Another option, floated by Robert Woolley, with the state’s Department of Technology Service, was to create a “wall of shame” on the state site, highlighting which agencies are not turning in their data. He envisioned a box on the site’s homepage, showing the logo and the name of the offending entities.

The only drawback to that is that only site users will see who’s listed as delinquent, and the transparency site is not exactly a hub of Internet activity. This idea is sort of akin to pillorying someone in a private courtyard.

But to help shine the spotlight on the problem, here is a list of some of the entities that should be posting on the transparency site, but are falling behind, and fiscal year last posted online.

Box Elder County (2011)

Coalville (no data)

Duchesne (2011)

Fairview (2011)

Green River (2011)

Helper (2011)

Holladay (2011)

Kamas (2011)

Kanab (2011)

La Verkin (2011)

Lindon (2011)

Monticello Academy (no data uploaded)

Payson (2011)

Panguitch (2011)

Provo School District (2010)

South Ogden (2011)





State records ombudsman offers primer on Utah records fees

26 04 2013

Rosemary Cundiff, the state’s records ombudsman, recently posted an explanation of what fees can be charged under the Utah Government Records Access and Management Act (GRAMA).

To put it in a nutshell, government entities can charge “reasonable fees” to cover the costs of producing records. The idea is that the employee who is filling the records request is being pulled away from other duties and there’s the cost of the paper and toner in the copier.

During the HB477 debacle in 2011, then-Rep. John Dougall attempted to expand the definition of reasonable fee to include the cost of benefits for said employee, the utilities for the office building and whatever else he could to jack up the fees.

Cundiff outlines what should be considered as a reasonable cost, such as only billing for the hourly wage of the lowest-paid person who can fulfill the request. That means if a $7.25-an-hour clerk can find the documents, the agency can’t bill you for the $200-an-hour lawyer to do the same thing.

Utah does allow for fee waivers, but as Cundiff points out — and many record seekers have learned the hard way — that the law says fees may be waived. In other words, an agency can waive fees out of the goodness of its heart, but is not legally required to do so.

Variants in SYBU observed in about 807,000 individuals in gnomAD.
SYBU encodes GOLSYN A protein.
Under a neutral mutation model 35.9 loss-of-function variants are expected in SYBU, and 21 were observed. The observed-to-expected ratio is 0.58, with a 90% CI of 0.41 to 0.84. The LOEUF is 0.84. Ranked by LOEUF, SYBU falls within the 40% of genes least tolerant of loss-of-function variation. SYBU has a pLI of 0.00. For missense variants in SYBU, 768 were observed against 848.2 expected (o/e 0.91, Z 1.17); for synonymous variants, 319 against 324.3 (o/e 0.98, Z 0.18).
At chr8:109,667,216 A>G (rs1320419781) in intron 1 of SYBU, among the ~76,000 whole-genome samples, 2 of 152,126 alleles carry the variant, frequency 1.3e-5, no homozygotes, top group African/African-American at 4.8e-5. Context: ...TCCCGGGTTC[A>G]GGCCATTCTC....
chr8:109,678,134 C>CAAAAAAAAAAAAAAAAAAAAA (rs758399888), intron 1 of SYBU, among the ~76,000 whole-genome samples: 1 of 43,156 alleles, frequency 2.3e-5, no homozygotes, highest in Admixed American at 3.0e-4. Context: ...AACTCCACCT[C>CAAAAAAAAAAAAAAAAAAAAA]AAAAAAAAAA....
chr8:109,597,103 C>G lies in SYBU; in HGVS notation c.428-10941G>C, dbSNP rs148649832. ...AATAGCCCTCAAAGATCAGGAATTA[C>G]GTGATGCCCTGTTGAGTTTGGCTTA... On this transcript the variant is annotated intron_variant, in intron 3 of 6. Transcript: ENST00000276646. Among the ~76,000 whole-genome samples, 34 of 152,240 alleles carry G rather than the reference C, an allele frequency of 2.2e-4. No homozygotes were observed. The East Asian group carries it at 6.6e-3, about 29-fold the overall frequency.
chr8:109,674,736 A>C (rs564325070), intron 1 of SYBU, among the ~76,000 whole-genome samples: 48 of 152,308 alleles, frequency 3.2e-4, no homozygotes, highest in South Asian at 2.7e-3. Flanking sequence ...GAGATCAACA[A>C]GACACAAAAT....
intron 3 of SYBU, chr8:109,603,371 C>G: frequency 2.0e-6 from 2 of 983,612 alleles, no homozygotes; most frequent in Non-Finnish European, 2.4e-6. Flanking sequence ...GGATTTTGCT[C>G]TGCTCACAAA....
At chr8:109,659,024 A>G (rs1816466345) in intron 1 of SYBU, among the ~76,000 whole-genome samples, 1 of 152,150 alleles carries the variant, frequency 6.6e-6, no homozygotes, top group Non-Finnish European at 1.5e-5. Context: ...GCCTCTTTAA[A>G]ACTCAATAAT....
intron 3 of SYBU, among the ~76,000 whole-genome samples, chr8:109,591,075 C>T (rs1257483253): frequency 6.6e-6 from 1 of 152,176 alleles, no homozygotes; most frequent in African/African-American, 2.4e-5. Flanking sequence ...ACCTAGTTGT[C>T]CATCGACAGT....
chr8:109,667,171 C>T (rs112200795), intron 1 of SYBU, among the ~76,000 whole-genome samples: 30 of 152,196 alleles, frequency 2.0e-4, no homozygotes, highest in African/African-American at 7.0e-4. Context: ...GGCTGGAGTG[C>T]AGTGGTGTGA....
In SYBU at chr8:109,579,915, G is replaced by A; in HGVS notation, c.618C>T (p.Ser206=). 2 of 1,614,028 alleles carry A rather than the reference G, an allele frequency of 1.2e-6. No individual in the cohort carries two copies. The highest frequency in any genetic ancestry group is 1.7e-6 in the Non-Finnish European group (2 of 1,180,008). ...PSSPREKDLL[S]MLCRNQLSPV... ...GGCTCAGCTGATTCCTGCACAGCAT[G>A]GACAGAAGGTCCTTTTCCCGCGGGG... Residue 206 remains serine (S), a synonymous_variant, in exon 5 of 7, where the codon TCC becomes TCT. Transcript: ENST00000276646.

This leaves the door open for some agencies to turn public records into a revenue stream, or use a fee as a way to discourage people from seeking records, since they are not commanded to waive fees.

State Rep. Brian King, D-Salt Lake City, attempted to address this by taking away the discretion in cases where the public benefited from releasing the document. But after the Utah League of Cities and Towns said the move would drive cities to the brink of fiscal ruin, lawmakers threw the bill into interim study, where open government advocates hope it will be considered and not allowed to die a slow, quiet death.

But in the meantime, what can people do to ensure that they are not paying too much for public records?

First, as Cundiff points out, there is no fee to merely look at a public record. People can do this to narrow their search to exact pages they are looking for, and thus reduce their copying costs. The agencies are barred from charging for staff time for these inspection sessions.

And if you want copies, make them yourself, as Joel Campbell, an assistant professor of print journalism at Brigham Young University pointed out. There are portable scanners that look like wands and don’t have to be hooked up to a computer to make a digital copy of a document. Or just use your digital camera or cellphone to take a picture of the document, as I’ve done in the past.

If the records are electronic, bring a thumb drive to copy them.

And if you get charged a fee, ask for a specific breakdown of the cost, line by line. And it helps to do a little homework before and find out what other agencies are charging for copy fees, as well as what the local copy shop charges for a photocopy. If a copy shop can make money off a 7-cent copy, why is a government agency charging 25 cents or even a dollar?

If all else fails, fees can be appealed in the same manner as denials. While the law says fees may be charged, the State Records Committee has found instances where an outrageous fee was being used as a means to deny access and ordered the fee waived.